[The following is a guest review of 3079 by The Backlog Journey's Colin Brown. 3079 is currently available in Indie Royale's Alpha Collection.]

3079 is a game that proudly wears its influences on its sleeves. Introduced as a mix of Minecraft and Fallout, it would certainly look that way from the screenshots. However, as a game it tends to transcend both of those titles to a pretty unique shooter with a large RPG influence.

The Fallout influence is pretty muted in my opinion; if anything, the game shares a lot more with the STALKER series, albeit with a setting more oriented to futuristic sci-fi war narratives. You are a scout who has arrived on a distant planet that is home to two warring factions, each distinguished by their head position and number of legs. You begin allied to your fellow Humoids, but offing your friends with a shotgun to the face and joining the Neanders if you think two legs bad, four legs good. Between these two factions are the Demons, who are nigh invincible and extremely dangerous.

By running through the ruined landscape to the various bases spread around the map, you can do missions and trade items with some of the local soldiers in order to build up your armoury and bank account. If the mercenary thing eventually grows old, there is a basic main quest built into the game revolving around ending the war and ridding the world of demons. It's nothing much yet, but trekking stealthy across a hostile ravaged landscape and going after a target is sublimely satisfying.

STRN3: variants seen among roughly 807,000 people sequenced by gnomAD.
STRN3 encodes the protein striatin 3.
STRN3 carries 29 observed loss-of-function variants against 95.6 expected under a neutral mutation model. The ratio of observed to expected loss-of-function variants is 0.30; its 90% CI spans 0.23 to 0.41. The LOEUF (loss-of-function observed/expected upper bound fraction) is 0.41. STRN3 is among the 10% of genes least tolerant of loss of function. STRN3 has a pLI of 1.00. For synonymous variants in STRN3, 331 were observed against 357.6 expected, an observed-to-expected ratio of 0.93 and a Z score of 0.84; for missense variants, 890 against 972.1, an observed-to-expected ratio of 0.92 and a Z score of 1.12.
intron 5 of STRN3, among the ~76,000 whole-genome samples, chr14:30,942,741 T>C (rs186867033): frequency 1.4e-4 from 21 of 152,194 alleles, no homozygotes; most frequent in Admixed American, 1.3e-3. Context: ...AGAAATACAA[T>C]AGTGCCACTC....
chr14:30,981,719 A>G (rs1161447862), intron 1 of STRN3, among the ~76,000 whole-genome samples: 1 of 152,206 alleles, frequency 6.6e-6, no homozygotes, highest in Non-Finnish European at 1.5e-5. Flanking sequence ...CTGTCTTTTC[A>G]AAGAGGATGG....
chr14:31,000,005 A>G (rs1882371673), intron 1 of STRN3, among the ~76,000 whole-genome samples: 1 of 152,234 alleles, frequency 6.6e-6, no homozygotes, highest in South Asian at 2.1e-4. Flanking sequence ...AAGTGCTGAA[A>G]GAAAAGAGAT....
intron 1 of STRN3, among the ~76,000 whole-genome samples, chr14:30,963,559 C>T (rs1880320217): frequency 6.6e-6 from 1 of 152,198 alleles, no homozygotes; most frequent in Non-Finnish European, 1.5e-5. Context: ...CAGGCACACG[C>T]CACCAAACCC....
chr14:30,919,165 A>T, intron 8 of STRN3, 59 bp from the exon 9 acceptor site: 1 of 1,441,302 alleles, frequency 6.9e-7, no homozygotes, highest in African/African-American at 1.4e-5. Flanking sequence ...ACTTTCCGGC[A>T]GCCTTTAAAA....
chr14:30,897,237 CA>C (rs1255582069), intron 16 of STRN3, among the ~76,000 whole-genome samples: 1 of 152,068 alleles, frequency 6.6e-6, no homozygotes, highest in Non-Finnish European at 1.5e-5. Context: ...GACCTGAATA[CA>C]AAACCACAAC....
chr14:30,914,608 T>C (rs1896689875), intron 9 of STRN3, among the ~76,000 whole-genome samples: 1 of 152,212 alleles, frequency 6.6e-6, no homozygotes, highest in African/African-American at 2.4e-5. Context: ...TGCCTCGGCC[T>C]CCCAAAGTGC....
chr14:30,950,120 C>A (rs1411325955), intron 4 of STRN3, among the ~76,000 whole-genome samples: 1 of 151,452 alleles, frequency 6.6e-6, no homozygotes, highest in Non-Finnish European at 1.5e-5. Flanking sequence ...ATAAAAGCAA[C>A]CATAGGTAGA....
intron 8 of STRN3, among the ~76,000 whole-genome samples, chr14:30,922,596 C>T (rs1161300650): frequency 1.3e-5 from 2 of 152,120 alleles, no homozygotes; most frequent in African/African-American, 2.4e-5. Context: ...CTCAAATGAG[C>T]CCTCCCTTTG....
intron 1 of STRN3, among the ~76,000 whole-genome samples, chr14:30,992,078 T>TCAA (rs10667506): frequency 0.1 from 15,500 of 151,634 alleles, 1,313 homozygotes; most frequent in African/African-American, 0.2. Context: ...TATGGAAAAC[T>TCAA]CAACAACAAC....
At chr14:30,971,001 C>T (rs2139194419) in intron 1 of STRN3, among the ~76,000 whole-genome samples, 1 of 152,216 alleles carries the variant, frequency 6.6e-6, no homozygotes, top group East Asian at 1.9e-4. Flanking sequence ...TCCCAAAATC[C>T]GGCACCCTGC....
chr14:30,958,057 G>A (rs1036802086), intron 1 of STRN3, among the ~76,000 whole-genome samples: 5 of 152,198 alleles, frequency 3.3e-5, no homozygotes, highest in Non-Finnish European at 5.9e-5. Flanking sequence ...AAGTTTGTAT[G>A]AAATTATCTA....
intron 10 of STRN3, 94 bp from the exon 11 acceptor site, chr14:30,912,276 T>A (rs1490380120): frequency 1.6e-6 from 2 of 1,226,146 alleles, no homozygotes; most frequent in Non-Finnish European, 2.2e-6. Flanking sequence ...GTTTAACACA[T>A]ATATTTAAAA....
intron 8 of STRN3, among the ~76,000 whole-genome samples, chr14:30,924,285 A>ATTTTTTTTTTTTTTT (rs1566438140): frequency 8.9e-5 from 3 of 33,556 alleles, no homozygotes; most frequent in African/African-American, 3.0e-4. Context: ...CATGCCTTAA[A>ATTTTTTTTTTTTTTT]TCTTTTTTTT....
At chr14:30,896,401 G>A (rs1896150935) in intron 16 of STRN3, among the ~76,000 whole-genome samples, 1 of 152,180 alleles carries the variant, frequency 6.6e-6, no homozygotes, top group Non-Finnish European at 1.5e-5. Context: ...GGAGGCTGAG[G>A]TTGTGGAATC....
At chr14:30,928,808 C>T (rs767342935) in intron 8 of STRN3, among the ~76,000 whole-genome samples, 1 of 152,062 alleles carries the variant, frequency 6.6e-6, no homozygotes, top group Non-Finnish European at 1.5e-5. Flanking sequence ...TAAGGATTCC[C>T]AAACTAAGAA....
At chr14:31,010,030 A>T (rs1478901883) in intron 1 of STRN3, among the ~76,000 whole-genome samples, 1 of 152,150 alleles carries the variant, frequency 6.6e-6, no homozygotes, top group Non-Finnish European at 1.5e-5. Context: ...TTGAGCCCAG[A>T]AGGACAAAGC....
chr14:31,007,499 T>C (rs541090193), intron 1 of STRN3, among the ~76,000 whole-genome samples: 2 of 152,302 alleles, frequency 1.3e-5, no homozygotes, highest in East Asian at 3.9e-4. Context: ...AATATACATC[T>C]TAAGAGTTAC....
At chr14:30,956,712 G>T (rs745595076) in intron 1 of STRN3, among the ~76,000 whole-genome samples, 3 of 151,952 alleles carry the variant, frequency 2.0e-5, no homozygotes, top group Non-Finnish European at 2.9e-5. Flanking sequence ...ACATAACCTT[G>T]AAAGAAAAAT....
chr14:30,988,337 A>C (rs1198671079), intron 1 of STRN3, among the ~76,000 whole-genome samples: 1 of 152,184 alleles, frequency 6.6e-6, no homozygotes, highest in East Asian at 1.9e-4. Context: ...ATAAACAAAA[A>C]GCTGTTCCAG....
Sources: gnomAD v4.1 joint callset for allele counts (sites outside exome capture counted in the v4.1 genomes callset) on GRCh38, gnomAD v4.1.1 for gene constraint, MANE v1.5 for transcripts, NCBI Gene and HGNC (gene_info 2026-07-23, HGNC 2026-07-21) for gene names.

There is a catch though. The game is going to tax your suspension of disbelief a lot. It's not a pretty game. There are no sweeping panoramas of landscapes. There are lighting issues. The three varieties of creatures you meet are primitive at best and nonsensical at worst, with basic polygonal models and textures. Why do some Humoids and Neanders grow to be four stories high? It's a biological mystery. I mean, Minecraft had some pretty primitive graphics, without a doubt. But in 3079 it's less about primitive simple models and more about the dire need for an hired artist to clean things up. There are a few highlights I noticed, however. The ground actually looks pretty great; the decision to move away from the rigid cubes of Minecraft gives every hill and valley a unique flow, and the craters left behind by explosions and bullets look great. The main problems lie with the enemies, the lighting and the weapon models.

However, I think it's a testament to how well the gameplay works that despite the primitive style it does manage to be an engaging, if not deep experience. I can't imagine I'd spend a particularly lengthy amount of time on the game, but I said the same thing about Minecraft and my hat was thoroughly eaten on that bet. There's a ways to go before 3079 will feel like cohesive whole, but the current build is an oddly engaging sandbox that's fun to mess around in. Right now the game just needs more depth, more polish and some quality of life tweaks.

Interested in 3079? Head on over to Indie Royale's page to pick this up and two more great Alphas for a steal.